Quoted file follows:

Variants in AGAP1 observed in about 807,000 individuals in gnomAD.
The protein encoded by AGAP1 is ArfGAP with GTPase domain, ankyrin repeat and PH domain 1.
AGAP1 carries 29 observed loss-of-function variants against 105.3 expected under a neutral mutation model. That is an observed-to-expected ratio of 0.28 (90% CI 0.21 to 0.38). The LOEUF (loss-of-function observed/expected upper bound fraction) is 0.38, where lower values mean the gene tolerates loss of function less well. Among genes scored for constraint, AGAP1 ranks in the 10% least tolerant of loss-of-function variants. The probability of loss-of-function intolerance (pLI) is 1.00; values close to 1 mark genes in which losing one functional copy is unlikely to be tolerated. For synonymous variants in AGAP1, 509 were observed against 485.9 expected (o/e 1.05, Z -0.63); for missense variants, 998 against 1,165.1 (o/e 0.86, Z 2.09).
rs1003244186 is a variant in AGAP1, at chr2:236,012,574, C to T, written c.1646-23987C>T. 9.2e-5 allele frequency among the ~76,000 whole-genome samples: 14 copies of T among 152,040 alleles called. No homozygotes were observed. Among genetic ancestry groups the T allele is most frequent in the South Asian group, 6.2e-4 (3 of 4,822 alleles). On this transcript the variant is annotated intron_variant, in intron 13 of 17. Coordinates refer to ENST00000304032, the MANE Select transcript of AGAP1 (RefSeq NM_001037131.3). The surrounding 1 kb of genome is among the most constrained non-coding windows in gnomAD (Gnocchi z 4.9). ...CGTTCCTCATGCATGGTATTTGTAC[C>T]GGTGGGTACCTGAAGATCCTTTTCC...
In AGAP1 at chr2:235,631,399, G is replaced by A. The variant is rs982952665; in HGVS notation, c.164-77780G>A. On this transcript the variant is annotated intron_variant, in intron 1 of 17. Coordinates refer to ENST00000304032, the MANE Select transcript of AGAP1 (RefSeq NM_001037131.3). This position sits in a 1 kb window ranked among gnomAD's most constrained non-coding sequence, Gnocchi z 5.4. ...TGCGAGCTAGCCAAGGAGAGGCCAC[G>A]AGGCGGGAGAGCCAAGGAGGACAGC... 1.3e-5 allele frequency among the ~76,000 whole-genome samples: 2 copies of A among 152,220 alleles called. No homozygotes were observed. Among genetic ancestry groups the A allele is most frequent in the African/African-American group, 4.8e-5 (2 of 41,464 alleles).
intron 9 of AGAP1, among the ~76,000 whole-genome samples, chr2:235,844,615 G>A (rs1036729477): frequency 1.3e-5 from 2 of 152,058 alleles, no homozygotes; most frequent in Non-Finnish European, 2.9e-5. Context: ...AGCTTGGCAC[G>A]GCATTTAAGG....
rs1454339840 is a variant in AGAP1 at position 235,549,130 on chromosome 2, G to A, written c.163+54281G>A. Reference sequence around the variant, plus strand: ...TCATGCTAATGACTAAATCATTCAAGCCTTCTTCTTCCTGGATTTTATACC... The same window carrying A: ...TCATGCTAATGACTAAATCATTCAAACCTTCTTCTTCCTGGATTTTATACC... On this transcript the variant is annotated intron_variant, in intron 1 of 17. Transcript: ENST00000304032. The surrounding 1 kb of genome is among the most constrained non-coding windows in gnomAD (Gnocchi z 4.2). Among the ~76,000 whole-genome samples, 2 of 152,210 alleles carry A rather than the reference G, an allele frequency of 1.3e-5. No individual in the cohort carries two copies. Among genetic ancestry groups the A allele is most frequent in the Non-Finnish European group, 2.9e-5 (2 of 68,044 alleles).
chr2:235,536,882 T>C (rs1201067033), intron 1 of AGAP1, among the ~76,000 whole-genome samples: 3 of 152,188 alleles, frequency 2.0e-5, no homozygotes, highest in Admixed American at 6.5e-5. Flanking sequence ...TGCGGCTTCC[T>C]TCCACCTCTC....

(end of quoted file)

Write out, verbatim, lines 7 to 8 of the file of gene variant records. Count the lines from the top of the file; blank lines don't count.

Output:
rs1454339840 is a variant in AGAP1 at position 235,549,130 on chromosome 2, G to A, written c.163+54281G>A. Reference sequence around the variant, plus strand: ...TCATGCTAATGACTAAATCATTCAAGCCTTCTTCTTCCTGGATTTTATACC... The same window carrying A: ...TCATGCTAATGACTAAATCATTCAAACCTTCTTCTTCCTGGATTTTATACC... On this transcript the variant is annotated intron_variant, in intron 1 of 17. Transcript: ENST00000304032. The surrounding 1 kb of genome is among the most constrained non-coding windows in gnomAD (Gnocchi z 4.2). Among the ~76,000 whole-genome samples, 2 of 152,210 alleles carry A rather than the reference G, an allele frequency of 1.3e-5. No individual in the cohort carries two copies. Among genetic ancestry groups the A allele is most frequent in the Non-Finnish European group, 2.9e-5 (2 of 68,044 alleles).
chr2:235,536,882 T>C (rs1201067033), intron 1 of AGAP1, among the ~76,000 whole-genome samples: 3 of 152,188 alleles, frequency 2.0e-5, no homozygotes, highest in Admixed American at 6.5e-5. Flanking sequence ...TGCGGCTTCC[T>C]TCCACCTCTC....